January 22, 2010

Massachusetts, the bluest of states in our union, stunned the nation on Tuesday when it voted to end Washington's unbridled spending and plan for government-run health care.  Americans still want health care reform, but they are looking for clear, patient-centered, fiscally responsible solutions.  There's a way to make this work, says Dr. C.L. Gray, president of Physicians for Reform. 

Sell insurance across state lines: 

  • State mandates drive up costs; health insurance for a 25-year-old male in New Jersey costs nearly six times what it does in Kentucky, largely because of state mandates.
  • Allowing businesses to purchase insurance across state lines empowers consumers, not Washington, and does not cost a dime.

Let individuals purchase health insurance with pre-tax dollars: 

  • Insurance companies serve businesses, not patients; businesses purchase employee health insurance with pre-tax dollars while individuals purchase insurance with post-tax dollars making their insurance far more expensive.
  • This reform lets patients buy products that meet their needs and makes insurers more accountable to patients. 

Encourage Health Care Savings Accounts (HSAs): 

  • HSAs reduce health care costs without rationing (cutting Medicare); they also let patients control their own money, decreasing health care spending by 13 percent.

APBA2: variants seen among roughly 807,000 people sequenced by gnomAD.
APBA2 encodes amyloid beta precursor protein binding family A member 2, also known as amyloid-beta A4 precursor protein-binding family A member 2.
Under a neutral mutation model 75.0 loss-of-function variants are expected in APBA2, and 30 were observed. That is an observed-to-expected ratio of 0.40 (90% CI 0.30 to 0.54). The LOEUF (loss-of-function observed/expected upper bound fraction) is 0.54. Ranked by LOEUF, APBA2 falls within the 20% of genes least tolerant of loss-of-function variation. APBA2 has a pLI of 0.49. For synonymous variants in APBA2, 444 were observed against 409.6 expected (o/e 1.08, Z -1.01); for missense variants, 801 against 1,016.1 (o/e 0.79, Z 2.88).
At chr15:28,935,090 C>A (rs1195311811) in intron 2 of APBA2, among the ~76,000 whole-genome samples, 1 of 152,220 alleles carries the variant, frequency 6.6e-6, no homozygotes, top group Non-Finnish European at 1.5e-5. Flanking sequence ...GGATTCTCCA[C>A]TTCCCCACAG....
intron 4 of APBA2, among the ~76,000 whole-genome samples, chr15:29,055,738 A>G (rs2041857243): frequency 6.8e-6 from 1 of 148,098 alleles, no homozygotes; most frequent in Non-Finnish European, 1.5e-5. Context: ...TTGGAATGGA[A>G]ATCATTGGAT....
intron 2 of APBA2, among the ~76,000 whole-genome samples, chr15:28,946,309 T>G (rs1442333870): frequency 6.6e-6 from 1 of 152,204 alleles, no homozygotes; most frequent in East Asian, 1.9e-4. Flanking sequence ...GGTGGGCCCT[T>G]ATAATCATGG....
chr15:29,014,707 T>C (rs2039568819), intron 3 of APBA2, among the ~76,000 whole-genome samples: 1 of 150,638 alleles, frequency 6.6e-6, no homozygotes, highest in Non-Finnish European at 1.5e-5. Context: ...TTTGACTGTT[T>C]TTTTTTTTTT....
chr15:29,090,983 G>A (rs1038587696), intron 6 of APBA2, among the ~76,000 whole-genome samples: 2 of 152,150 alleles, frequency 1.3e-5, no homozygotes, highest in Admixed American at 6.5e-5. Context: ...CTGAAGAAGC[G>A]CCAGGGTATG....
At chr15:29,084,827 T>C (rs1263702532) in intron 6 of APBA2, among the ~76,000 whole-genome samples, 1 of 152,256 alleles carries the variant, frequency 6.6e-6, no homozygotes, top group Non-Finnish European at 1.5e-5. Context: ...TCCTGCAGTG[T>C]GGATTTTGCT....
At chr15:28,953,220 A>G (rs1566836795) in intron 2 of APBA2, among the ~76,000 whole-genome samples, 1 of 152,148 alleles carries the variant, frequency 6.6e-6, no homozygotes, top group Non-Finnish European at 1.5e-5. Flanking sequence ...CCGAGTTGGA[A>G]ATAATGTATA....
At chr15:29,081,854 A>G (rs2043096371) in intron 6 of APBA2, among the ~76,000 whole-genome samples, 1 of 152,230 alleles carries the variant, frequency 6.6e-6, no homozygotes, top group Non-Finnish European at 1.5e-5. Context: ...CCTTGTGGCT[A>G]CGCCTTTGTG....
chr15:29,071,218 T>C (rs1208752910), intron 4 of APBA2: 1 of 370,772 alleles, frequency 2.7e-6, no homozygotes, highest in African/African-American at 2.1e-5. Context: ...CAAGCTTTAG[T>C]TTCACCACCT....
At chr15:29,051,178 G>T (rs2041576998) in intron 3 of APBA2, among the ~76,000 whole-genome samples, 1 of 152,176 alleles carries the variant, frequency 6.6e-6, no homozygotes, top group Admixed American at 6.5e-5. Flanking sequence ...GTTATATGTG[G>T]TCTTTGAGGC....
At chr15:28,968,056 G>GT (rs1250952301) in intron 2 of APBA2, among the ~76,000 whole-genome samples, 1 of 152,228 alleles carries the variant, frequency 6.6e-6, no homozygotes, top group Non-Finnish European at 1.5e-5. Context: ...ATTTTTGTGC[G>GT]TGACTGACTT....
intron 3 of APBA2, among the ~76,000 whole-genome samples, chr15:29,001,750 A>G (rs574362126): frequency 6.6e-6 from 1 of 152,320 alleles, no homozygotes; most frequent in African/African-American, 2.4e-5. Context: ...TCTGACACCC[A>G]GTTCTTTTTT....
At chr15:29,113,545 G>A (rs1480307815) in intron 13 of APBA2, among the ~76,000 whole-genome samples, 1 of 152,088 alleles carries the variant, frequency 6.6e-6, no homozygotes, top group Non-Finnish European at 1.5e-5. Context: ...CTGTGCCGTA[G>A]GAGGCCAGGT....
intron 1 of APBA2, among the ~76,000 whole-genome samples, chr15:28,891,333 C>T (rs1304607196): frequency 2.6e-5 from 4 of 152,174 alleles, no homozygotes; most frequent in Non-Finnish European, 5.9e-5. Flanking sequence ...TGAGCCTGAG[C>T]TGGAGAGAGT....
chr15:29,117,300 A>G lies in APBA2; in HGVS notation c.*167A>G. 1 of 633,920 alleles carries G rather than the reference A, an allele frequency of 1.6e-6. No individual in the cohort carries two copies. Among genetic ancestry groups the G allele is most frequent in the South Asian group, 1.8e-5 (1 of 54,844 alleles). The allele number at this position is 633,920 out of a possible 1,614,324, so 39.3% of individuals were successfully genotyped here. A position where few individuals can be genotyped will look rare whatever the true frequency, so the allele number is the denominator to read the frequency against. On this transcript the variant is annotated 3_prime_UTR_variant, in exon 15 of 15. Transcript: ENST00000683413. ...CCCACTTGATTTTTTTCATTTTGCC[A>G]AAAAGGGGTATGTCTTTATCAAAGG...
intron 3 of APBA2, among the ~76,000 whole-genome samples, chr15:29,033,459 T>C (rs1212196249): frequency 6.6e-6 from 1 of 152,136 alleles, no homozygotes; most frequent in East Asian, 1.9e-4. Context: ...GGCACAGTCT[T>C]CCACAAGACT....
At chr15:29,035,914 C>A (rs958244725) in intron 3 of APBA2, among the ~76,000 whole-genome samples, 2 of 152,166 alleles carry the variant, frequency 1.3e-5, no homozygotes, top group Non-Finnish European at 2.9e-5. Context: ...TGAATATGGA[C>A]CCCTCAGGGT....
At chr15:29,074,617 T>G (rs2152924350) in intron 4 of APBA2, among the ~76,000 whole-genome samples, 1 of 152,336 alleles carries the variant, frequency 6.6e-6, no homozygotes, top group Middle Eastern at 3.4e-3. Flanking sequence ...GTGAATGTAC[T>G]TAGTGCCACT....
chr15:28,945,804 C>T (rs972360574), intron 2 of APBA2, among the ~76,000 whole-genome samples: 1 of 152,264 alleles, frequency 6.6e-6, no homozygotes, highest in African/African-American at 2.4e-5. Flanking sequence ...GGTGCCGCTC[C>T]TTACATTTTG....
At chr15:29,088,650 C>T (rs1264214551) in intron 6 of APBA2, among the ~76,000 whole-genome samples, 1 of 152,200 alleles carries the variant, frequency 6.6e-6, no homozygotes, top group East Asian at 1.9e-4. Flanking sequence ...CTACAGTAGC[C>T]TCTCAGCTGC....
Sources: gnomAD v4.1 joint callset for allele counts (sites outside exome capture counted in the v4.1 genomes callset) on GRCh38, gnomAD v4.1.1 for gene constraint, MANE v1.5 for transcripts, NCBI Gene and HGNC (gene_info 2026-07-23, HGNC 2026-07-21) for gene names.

• During 2005 and 2006, traditional insurance rose 7.3 percent annually while lower cost / higher deductable plans combined with HSAs rose only 2.7 percent annually. 

End abusive medical litigation: 

  • Frivolous litigation drives physicians out of medicine; bringing tens of millions of new patients into the system requires more physicians, not fewer.
  • Frivolous litigation reform lowers cost and improves access to care; Americans spend approximately $124 billion every year because physicians practice defensive medicine.  

Cover the uninsured: 

  • We can insure the uninsured without expanding American debt; approximately 25 percent of patients who visit the emergency rooms do not have health care coverage.
  • A system of tax credits can help the uninsured purchase coverage; this would cost approximately $80 billion annually.

Source: Dr. C.L. Gray, "Five Health Care Reform Solutions That Make Sense," Fox News, January 21, 2010. 

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